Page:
The Movement Of Womens Rights Essay Research — страница 2

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totally dependent on men Strong words… Large grievances… That summer, change was in the air and Elizabeth Cady Stanton was full of hope that the future could and would be brighter for women. The convention was convened as planned, and over the two-days of discussion, the Declaration of Sentiments and 12 resolutions received unanimous endorsement, one by one, with a few amendments. The only resolution that did not pass unanimously was the call for women’s enfranchisement. That women should be allowed to vote in elections was almost inconceivable to many. Even the heartfelt pleas of Elizabeth Cady Stanton, a refined and educated woman of the time, did not move the assembly. Woman, like the slave, he argued, had the right to liberty. Newspaper editors were so scandalized by

the shameless audacity of the Declaration of Sentiments, and particularly of the ninth resolution-women demanding the vote! That they attacked the women with all the vitriol they could muster. The women’s rights movement was only one day old and the backlash had already begun! Many of the women who had attended the convention were so embarrassed by the publicity that they actually withdrew their signatures from the Declaration. People in cities and isolated towns alike were now alerted to the issues, and joined this heated discussion of women’s rights in great numbers! The Seneca Falls women had optimistically hoped for “a series of conventions embracing every part of the country.” Women’s Rights Conventions were held regularly from 1850 until the start of the Civil

War. The women’s rights movement of the late 19th century went on to address the wide range of issues spelled out at the Seneca Falls Convention. Elizabeth Cady Stanton and women like Susan B. Anthony, Lucy Stone, and Sojourner Truth traveled the country lecturing and organizing for the next forty years. The story of diligent women’s rights activism is a litany of achievements against tremendous odds, of ingenious strategies and outrageous tactics used to outwit opponents and make the most of limited resources. It’s a dramatic tale, filled with remarkable women facing down incredible obstacles to win that most basic American civil right – the vote. Lucy Stone. They were pioneer theoreticians of the 19th-century women’s rights movement. Esther Morris, the first woman to

hold a judicial position, who led the first successful state campaign for woman suffrage, in Wyoming in 1869. Ida B. Wells-Barnett and Mary Church Terrell, organizers of thousands of African-American women who worked for suffrage for all women. Alice Paul, founder and leader of the National Woman’s Party, considered the radical wing of the movement. Ruth Bader Ginsburg, now a Supreme Court Justice, learned the story of the Women’s Rights Movement. Today she says, “I think about how much we owe to the women who went before us – legions of women, some known but many more unknown. After the vote was finally won in 1920, the organized Women’s Rights Movement continued on in several directions. While the majority of women who had marched, petitioned and lobbied for woman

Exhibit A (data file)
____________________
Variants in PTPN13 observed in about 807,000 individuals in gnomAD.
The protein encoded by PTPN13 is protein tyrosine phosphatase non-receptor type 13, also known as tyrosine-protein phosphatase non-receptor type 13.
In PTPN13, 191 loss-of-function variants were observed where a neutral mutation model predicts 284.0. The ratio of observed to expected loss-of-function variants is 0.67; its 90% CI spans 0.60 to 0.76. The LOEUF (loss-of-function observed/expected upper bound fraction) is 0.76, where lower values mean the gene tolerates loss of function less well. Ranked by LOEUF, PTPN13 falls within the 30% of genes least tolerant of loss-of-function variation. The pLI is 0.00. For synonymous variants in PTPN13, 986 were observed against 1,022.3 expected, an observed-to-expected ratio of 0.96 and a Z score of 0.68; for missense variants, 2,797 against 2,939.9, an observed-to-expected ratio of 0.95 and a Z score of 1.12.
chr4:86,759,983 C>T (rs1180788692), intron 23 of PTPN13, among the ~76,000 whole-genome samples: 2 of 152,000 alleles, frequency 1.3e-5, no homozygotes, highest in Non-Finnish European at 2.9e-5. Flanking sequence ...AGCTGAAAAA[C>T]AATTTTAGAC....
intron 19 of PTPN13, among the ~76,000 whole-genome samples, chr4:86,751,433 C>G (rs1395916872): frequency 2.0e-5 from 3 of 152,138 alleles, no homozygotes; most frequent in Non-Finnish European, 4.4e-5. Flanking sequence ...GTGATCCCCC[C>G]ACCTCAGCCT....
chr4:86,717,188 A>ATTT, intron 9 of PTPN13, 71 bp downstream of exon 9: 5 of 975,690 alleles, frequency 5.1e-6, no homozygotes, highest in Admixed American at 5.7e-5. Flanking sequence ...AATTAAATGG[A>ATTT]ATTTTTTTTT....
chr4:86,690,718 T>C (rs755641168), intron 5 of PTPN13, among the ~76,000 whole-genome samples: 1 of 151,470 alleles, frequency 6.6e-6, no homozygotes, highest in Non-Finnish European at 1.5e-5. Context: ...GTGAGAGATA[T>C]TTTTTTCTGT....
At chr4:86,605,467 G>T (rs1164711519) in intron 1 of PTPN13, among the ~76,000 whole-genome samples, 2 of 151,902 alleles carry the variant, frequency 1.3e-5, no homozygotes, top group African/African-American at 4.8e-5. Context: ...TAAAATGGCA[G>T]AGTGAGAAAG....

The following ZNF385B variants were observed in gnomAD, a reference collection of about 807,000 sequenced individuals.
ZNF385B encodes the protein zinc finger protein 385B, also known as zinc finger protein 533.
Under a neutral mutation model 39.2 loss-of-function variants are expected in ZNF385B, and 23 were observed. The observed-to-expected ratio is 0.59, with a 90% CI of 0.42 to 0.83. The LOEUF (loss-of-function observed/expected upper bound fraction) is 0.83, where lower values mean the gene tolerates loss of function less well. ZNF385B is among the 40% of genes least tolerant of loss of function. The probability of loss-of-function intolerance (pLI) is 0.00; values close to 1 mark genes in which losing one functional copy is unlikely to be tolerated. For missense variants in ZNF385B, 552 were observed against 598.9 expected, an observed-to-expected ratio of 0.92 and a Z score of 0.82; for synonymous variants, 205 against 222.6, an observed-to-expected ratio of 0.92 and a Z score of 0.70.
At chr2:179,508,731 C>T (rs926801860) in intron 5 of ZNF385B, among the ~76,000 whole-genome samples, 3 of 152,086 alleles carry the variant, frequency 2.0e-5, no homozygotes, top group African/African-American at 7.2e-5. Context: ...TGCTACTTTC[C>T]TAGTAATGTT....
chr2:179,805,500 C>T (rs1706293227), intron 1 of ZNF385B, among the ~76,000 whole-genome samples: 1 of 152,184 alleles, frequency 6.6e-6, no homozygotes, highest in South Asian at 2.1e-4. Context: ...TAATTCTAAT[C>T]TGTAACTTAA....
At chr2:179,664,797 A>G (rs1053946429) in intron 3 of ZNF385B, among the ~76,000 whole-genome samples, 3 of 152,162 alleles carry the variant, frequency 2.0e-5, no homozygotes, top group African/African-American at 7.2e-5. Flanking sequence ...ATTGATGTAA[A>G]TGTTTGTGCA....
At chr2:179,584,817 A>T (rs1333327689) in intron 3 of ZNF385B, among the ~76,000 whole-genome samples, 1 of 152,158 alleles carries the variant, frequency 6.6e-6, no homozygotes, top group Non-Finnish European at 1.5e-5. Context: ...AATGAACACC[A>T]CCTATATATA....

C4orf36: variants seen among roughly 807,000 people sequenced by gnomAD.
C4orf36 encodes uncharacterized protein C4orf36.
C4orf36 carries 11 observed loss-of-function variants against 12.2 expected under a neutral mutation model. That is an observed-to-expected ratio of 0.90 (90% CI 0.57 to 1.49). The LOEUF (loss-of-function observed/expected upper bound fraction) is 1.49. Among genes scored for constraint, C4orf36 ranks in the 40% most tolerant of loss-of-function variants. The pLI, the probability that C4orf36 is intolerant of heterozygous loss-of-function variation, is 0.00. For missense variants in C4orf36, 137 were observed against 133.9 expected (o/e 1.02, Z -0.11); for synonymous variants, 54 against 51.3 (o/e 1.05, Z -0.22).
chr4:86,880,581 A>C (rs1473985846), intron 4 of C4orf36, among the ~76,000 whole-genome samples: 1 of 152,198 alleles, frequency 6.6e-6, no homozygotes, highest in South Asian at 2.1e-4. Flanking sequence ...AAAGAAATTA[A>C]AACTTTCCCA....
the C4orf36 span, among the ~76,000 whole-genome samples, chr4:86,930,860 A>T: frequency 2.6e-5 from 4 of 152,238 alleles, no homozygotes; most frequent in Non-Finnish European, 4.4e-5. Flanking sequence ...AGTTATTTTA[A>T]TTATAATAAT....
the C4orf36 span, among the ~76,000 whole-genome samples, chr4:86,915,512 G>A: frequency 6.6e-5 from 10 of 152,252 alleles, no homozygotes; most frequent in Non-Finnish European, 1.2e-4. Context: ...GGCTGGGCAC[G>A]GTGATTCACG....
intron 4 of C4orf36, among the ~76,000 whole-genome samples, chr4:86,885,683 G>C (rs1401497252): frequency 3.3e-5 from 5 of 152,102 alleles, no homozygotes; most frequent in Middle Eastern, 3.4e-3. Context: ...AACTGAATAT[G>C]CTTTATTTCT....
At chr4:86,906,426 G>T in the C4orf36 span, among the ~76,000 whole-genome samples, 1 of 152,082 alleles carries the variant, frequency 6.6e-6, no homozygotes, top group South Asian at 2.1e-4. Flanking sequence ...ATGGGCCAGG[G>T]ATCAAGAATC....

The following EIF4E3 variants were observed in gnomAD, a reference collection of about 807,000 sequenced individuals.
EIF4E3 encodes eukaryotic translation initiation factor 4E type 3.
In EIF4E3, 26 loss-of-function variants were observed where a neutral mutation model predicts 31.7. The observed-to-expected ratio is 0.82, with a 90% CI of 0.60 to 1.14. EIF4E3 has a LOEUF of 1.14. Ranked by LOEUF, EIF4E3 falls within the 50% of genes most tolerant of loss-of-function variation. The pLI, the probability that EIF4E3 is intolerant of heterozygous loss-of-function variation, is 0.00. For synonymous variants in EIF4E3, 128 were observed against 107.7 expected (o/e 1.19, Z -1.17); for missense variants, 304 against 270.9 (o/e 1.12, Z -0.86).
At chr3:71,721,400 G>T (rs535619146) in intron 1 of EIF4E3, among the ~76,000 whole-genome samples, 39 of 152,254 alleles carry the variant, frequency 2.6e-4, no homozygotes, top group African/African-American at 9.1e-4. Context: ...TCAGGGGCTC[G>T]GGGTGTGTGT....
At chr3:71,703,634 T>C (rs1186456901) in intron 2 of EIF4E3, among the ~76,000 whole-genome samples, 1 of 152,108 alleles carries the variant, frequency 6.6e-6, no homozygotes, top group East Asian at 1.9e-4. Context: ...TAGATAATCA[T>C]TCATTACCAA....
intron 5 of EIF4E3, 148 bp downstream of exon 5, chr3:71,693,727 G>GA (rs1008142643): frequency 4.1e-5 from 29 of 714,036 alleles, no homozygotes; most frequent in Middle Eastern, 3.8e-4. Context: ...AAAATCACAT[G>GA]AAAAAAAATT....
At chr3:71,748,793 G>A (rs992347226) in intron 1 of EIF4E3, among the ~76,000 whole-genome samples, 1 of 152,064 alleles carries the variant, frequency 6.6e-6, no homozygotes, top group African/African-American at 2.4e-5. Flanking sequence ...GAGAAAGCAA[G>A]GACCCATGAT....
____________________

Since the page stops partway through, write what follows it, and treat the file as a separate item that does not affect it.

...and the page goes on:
suffrage looked no further, a minority – like Alice Paul – understood that the quest for women’s rights would be an ongoing struggle that was only advanced, not satisfied, by the vote. In 1919, as the suffrage victory drew near, the National American Woman Suffrage Association reconfigured itself into the League of Women Voters to ensure that women would take their hard-won vote seriously and use it wisely. In 1920, the Women’s Bureau of the Department of Labour was established to gather information about the situation of women at work, and to advocate for changes it found were needed. Many suffragists became actively involved with lobbying for legislation to protect women workers from abuse and unsafe conditions. In 1923, Alice Paul, the leader of the National Woman’s

Party, took the next obvious step. She drafted an Equal Rights Amendment for the United States Constitution. Such a federal law, it was argued, would ensure that “Men and women have equal rights throughout the United States.” The idea of woman’s right to control her own body, and especially to control her own reproduction and sexuality, added a visionary new dimension to the ideas of women’s emancipation. This movement not only endorsed educating women about existing birth control methods. For decades, Margaret Sanger and her supporters faced down at every turn the zealously enforced laws denying women this right. So it’s clear that, contrary to common misconception, the Women’s Rights Movement did not begin in the 1960s. First: Esther Peterson was the director of the